Deception & Misdirection

Big Government Tactics 101: A Study Said So

Big government politicians and bureaucrats are innovation vampires, looking to suck the lifeblood out of any new product with taxes and regulations. That’s the case with electronic cigarettes today. Bureaucrats are effectively killing small manufacturers with new mandates and rules.

Bureaucrats certainly aren’t innovators themselves: They’re copying the tactics used to take down the tobacco industry in the 1990s. Their most effective tactic then was using junk science to say that Big Tobacco was marketing their addictive product to children. But they relied on only one, deeply-flawed study, which was funded by anti-smoking activists. The study recruited 229 preschoolers, all of whom were asked to match logos with products. It found among all children, Disney’s logo was linked to Mickey Mouse 91 percent of the time, whereas Joe Camel was matched to cigarettes 51 percent of the time.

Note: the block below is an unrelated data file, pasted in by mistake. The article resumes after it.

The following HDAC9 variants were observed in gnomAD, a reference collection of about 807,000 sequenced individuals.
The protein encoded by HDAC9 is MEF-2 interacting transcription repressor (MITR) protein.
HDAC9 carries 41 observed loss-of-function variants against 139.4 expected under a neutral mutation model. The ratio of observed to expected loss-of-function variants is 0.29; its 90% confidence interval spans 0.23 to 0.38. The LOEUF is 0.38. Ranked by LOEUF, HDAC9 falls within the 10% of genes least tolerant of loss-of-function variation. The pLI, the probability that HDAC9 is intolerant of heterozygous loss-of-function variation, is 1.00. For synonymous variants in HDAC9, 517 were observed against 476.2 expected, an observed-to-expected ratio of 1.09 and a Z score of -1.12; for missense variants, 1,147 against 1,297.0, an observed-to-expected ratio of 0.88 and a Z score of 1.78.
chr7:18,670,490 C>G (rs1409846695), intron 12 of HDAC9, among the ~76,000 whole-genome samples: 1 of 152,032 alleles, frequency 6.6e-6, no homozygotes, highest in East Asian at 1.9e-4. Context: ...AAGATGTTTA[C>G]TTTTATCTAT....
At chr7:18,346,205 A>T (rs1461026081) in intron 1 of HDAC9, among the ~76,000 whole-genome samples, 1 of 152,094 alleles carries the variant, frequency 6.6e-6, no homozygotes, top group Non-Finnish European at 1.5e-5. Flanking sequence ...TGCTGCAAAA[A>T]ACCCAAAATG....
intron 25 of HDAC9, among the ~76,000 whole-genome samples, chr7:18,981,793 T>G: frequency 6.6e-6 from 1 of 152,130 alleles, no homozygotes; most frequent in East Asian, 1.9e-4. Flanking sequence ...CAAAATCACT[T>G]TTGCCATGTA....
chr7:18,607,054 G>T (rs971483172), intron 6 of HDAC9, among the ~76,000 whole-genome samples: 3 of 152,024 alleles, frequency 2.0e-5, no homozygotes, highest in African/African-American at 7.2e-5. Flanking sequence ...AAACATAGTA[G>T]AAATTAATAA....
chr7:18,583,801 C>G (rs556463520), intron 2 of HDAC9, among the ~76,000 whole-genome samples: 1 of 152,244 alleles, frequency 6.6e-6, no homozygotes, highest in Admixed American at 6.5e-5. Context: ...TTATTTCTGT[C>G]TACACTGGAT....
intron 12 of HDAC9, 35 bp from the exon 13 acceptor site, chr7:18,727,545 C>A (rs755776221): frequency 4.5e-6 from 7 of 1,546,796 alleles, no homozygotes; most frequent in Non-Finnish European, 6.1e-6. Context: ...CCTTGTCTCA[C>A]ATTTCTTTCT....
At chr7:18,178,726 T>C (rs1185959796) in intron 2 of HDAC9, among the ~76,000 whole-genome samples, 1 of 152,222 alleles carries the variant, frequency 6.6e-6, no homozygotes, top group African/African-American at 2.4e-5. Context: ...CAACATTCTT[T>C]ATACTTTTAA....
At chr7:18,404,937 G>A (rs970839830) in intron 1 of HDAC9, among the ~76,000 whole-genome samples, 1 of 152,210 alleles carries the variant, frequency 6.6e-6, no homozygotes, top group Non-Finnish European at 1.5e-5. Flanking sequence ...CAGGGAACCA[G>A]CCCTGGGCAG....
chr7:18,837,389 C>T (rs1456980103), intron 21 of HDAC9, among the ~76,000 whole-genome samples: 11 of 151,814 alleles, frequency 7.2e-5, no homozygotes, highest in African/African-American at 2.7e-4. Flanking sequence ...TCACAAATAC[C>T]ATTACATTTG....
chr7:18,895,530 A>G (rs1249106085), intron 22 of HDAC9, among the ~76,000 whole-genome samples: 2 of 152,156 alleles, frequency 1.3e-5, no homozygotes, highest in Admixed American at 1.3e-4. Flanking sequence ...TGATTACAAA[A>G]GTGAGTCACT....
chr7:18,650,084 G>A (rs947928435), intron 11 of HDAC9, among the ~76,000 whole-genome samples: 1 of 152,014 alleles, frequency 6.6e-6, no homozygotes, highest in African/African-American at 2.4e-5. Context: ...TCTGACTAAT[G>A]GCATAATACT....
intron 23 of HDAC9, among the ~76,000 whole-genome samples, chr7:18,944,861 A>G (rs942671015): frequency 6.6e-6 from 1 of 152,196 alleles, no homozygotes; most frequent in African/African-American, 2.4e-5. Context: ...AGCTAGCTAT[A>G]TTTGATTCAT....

The selection of study participants came from a small convenience sample—not a properly scientific random, national sample—limited to just 10 pre-schools in Atlanta. But that’s not all. The researchers further fudged their already questionable findings by focusing on the study’s 23 six-year-olds—21 of whom identified Joe Camel.  This selectively distorted piece—“More six-year-olds recognize Joe Camel than Mickey Mouse”—was picked up by the media and became the go-to anti-smoking talking point.

To this day, the study has never been replicated. And why would it be? The anti-smoking activists who funded the study got what they wanted. Now they’re looking to replicate this success with e-cigs, using bad science to argue that companies are marketing to children. Now they only need a skewed study to drive a stake through the industry’s heart.

This blog post was adapted from the October edition of Capital Research Center’s “Green Watch,” by Dr. Steven Allen


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